Cady v. Town of Deerfield, Doc. No. 218-2001-E-498 (Rockingham Super. Ct., December 4, 2001) (Lewis, J.)

Pages: 1 2 3 4




Harriet E. Cady


Town of Deerfield



Before the Court is Harriet Cady's ("Cady") petition pursuant to the Right to Know Law, RSA 91-A. In her petition, Cady advances several claims, naming the Town of Deerfield ("Town"), its Selectmen ("Selectmen") and other Town officials or employees. At the hearing held on November 9, 2001, the parties presented to the Court a Settlement Agreement dated November 8, 2001. The parties represented that the Settlement Agreement resolved all issues presented except whether RSA 91-A precludes the Selectmen from meeting with the Town Tax Assessor ("Assessor") in a nonpublic session to discuss abatement claims made in writing to the Selectmen.

Cady claims that the Selectmen held an improper nonpublic session with Assessor, Gary Roberage ("Roberage"), to discuss certain applications for tax abatements. The Court finds and rules that any such nonpublic meetings do not violate RSA 91-A:3. Accordingly, Cady's petition is DENIED.

New Hampshire's Right-to-Know Law, RSA 91-A, was enacted with the statutory and constitutional objectives of facilitating public access to all public documents and meetings. RSA 91-A:1 (2001); see also Union Leader Corp. v. New Hampshire Hous. Fin. Auth., 142 N.H. 540 (1997). However, while generally construed broadly, this [2] statute does not provide for unrestricted access to public records. See Union Leader Corp., 142 N.H. at 546.

The statute authorizes the Deerfield Selectmen to hold a nonpublic session when there is "consideration or negotiation of pending claims or litigation which has been threatened in writing or filed against the body or agency or any subdivision thereof . . . ." RSA 91-A:3, II(e) (2000) (emphasis added). The statute is not limited, as Cady suggests, to nonpublic sessions held in consideration of "litigation"; it expressly includes the right to hold a nonpublic session in consideration or discussion of "pending claims."

In this case, the Court finds that a tax abatement claim is a "pending claim" within the meaning of RSA 91-A:3, II(e). A "pending claim" must be "filed against the body or agency or any subdivision thereof." Id. A tax abatement claim is made in writing and filed with the Town. An "aggrieved" claimant files such a claim for his or her alleged over-taxation by the Town. See RSA 76:16 (Supp. 2001). The Selectmen are required to make a decision on the tax abatement claim, which the claimant has a right to appeal to the Board of Tax and Land Appeals or the Superior Court. See RSA 76:16, 76:16-a, 76:17 (Supp. 2001). Clearly, a claim for a tax abatement is a "pending claim" before the Selectmen in the Town of Deerfield. Accordingly, the Selectmen's consideration of "pending claims" for tax abatements in this case is a legitimate reason to hold a nonpublic session. See id.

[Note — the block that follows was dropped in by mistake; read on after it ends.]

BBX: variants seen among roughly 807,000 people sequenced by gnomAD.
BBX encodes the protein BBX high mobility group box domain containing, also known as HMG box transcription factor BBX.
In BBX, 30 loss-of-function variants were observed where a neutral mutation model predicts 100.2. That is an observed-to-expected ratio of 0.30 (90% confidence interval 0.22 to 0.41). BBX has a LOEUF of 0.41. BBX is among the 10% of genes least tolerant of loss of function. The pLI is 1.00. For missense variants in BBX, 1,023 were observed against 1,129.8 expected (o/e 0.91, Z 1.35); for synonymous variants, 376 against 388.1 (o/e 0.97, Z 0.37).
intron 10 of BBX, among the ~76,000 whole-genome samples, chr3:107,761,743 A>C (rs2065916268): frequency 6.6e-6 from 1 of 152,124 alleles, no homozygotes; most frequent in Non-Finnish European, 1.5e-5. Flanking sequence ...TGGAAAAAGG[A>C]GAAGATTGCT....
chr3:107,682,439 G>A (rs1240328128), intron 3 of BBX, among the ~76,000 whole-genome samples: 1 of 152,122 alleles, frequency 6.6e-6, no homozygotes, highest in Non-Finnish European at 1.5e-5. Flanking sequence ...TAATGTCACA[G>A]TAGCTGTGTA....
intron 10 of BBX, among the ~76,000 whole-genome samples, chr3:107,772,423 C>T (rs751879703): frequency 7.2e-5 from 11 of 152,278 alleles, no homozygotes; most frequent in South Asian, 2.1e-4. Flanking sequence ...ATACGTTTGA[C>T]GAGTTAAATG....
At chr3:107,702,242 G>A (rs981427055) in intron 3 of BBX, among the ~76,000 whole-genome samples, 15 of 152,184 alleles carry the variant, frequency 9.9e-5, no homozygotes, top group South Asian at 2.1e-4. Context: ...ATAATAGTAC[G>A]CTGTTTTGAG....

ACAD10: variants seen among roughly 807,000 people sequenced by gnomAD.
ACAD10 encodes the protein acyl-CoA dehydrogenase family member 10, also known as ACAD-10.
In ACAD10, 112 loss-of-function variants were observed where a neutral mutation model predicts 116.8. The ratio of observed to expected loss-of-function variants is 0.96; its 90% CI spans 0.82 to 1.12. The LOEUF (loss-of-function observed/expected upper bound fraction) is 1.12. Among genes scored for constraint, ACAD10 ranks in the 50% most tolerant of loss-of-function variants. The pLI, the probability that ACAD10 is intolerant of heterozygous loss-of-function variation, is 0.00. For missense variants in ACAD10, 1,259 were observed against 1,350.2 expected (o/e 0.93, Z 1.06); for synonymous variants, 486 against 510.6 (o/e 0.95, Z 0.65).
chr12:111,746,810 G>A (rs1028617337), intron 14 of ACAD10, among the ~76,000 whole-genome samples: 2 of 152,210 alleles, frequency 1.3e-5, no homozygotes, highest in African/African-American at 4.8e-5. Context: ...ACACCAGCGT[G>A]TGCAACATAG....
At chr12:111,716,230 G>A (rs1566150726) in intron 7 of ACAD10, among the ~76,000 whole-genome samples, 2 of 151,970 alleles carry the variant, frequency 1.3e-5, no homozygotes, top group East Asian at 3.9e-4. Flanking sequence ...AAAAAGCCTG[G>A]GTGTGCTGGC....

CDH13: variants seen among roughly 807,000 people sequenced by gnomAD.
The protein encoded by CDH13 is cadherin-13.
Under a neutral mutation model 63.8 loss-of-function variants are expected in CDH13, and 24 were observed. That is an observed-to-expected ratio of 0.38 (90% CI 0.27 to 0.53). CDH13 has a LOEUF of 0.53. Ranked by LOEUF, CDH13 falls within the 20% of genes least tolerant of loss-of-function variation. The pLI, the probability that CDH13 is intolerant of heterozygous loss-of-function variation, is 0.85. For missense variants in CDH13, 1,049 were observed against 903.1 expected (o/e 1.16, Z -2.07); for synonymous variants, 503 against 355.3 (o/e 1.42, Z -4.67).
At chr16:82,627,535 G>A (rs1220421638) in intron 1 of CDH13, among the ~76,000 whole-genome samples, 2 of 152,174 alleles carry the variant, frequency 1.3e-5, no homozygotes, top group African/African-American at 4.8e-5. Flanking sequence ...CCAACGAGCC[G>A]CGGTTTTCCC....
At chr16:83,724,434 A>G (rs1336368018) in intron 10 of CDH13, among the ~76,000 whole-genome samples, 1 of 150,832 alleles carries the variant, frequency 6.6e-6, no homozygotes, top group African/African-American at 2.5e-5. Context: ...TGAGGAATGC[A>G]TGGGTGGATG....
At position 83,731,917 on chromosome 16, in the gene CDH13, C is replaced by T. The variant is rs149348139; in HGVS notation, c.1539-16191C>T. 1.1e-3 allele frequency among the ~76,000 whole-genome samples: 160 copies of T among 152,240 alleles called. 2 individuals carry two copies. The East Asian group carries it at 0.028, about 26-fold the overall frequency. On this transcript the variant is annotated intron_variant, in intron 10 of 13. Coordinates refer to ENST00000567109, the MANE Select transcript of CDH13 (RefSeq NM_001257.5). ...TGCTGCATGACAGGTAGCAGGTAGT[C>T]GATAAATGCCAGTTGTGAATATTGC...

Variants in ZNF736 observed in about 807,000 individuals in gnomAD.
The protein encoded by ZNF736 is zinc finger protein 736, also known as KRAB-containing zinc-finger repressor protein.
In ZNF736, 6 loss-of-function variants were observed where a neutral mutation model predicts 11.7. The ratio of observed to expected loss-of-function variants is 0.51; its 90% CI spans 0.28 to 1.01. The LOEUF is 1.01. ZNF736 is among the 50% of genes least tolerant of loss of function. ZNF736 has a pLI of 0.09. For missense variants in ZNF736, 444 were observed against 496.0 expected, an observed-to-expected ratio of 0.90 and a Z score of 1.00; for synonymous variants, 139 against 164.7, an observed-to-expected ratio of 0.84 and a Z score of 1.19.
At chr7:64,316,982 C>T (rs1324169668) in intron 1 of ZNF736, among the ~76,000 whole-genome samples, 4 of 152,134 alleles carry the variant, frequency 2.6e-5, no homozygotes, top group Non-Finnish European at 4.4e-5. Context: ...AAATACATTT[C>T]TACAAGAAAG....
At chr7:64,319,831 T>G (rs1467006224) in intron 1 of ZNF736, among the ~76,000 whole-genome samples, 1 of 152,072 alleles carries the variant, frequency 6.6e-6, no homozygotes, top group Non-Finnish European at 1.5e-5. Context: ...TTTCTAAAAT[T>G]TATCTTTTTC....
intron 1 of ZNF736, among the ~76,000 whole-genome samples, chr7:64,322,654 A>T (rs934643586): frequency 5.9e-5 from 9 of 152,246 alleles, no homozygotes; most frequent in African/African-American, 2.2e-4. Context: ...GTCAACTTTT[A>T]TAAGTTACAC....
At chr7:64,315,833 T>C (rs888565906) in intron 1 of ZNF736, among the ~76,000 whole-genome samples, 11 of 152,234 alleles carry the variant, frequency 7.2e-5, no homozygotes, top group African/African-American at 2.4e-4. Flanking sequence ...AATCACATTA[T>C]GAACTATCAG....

Moreover, the Court notes that as to the specifically [3] referenced May 1, 2001 meeting, the Selectmen properly voted to hold a nonpublic session with Roberage to discuss tax abatements. (Town of Deerfield Board of Selectmen, May 1, 2001 Minutes (hereinafter "Town Minutes".) Furthermore, the Court finds that the Selectmen properly invited the Town Tax Assessor, Roberage, to the nonpublic meeting considering tax abatements. As the Town Assessor, Roberage is an appropriate and crucial party to any discussion concerning tax abatements.

In addition, as a matter of policy, the Court finds that it is important for Town Selectmen to be able to meet with their assessor in nonpublic sessions when necessary upon consideration of tax abatements. The Town explains that without such nonpublic sessions, it would not be able to have the frank discussions that are often necessary here. In fact, the Selectmen effectively would not be able to discuss with the assessor the strengths and weaknesses of their position without nonpublic sessions. By revealing any perceived weaknesses, the Town could be sacrificing positions on appeal. Accordingly, the Selectmen's nonpublic meeting with Roberage to discuss pending tax abatement claims was proper.

In conclusion, Cady's petition is DENIED as to the issue of whether the Selectmen properly held a nonpublic session with Roberage to discuss certain tax abatement claims. Furthermore, the parties' Settlement Agreement of November 8, 2001 resolves all other issues and claims.

[4] So, ORDERED.

   12/4/01       /s/   


Presiding Justice